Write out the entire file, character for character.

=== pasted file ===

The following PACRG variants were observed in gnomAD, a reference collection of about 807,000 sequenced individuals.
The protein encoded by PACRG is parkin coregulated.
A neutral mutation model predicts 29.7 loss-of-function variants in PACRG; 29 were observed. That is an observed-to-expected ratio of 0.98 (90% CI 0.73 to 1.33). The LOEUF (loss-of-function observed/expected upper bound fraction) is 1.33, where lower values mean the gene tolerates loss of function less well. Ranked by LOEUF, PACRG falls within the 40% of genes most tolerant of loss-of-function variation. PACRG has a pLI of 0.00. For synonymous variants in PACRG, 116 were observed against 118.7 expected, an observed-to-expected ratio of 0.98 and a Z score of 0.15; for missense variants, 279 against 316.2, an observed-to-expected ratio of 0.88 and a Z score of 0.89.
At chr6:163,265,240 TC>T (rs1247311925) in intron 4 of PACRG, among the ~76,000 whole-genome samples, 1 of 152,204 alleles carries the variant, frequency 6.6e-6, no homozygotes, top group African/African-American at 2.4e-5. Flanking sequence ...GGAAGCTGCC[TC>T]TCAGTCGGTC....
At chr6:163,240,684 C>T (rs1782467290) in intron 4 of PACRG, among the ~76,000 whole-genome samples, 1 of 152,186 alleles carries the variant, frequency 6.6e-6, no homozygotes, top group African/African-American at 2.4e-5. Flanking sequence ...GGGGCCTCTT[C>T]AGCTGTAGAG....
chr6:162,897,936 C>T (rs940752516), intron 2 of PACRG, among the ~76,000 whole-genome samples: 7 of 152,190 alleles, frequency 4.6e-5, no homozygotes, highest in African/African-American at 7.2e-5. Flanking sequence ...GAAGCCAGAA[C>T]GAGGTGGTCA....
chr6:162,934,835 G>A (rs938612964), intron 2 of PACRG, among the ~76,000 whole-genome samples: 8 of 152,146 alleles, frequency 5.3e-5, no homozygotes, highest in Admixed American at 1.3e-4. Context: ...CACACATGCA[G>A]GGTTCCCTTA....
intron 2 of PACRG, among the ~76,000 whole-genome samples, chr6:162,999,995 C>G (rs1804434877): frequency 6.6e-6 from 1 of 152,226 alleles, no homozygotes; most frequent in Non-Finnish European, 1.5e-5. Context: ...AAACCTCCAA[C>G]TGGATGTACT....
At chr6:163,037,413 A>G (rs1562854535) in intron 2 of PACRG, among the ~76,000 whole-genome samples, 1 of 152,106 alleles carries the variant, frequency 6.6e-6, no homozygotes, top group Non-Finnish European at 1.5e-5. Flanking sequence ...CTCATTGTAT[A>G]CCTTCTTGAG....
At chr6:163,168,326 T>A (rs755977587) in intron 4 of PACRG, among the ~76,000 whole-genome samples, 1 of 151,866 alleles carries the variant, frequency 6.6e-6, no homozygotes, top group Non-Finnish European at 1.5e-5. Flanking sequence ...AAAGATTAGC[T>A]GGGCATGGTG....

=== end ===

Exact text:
The following PACRG variants were observed in gnomAD, a reference collection of about 807,000 sequenced individuals.
The protein encoded by PACRG is parkin coregulated.
A neutral mutation model predicts 29.7 loss-of-function variants in PACRG; 29 were observed. That is an observed-to-expected ratio of 0.98 (90% CI 0.73 to 1.33). The LOEUF (loss-of-function observed/expected upper bound fraction) is 1.33, where lower values mean the gene tolerates loss of function less well. Ranked by LOEUF, PACRG falls within the 40% of genes most tolerant of loss-of-function variation. PACRG has a pLI of 0.00. For synonymous variants in PACRG, 116 were observed against 118.7 expected, an observed-to-expected ratio of 0.98 and a Z score of 0.15; for missense variants, 279 against 316.2, an observed-to-expected ratio of 0.88 and a Z score of 0.89.
At chr6:163,265,240 TC>T (rs1247311925) in intron 4 of PACRG, among the ~76,000 whole-genome samples, 1 of 152,204 alleles carries the variant, frequency 6.6e-6, no homozygotes, top group African/African-American at 2.4e-5. Flanking sequence ...GGAAGCTGCC[TC>T]TCAGTCGGTC....
At chr6:163,240,684 C>T (rs1782467290) in intron 4 of PACRG, among the ~76,000 whole-genome samples, 1 of 152,186 alleles carries the variant, frequency 6.6e-6, no homozygotes, top group African/African-American at 2.4e-5. Flanking sequence ...GGGGCCTCTT[C>T]AGCTGTAGAG....
chr6:162,897,936 C>T (rs940752516), intron 2 of PACRG, among the ~76,000 whole-genome samples: 7 of 152,190 alleles, frequency 4.6e-5, no homozygotes, highest in African/African-American at 7.2e-5. Flanking sequence ...GAAGCCAGAA[C>T]GAGGTGGTCA....
chr6:162,934,835 G>A (rs938612964), intron 2 of PACRG, among the ~76,000 whole-genome samples: 8 of 152,146 alleles, frequency 5.3e-5, no homozygotes, highest in Admixed American at 1.3e-4. Context: ...CACACATGCA[G>A]GGTTCCCTTA....
intron 2 of PACRG, among the ~76,000 whole-genome samples, chr6:162,999,995 C>G (rs1804434877): frequency 6.6e-6 from 1 of 152,226 alleles, no homozygotes; most frequent in Non-Finnish European, 1.5e-5. Context: ...AAACCTCCAA[C>G]TGGATGTACT....
At chr6:163,037,413 A>G (rs1562854535) in intron 2 of PACRG, among the ~76,000 whole-genome samples, 1 of 152,106 alleles carries the variant, frequency 6.6e-6, no homozygotes, top group Non-Finnish European at 1.5e-5. Flanking sequence ...CTCATTGTAT[A>G]CCTTCTTGAG....
At chr6:163,168,326 T>A (rs755977587) in intron 4 of PACRG, among the ~76,000 whole-genome samples, 1 of 151,866 alleles carries the variant, frequency 6.6e-6, no homozygotes, top group Non-Finnish European at 1.5e-5. Flanking sequence ...AAAGATTAGC[T>A]GGGCATGGTG....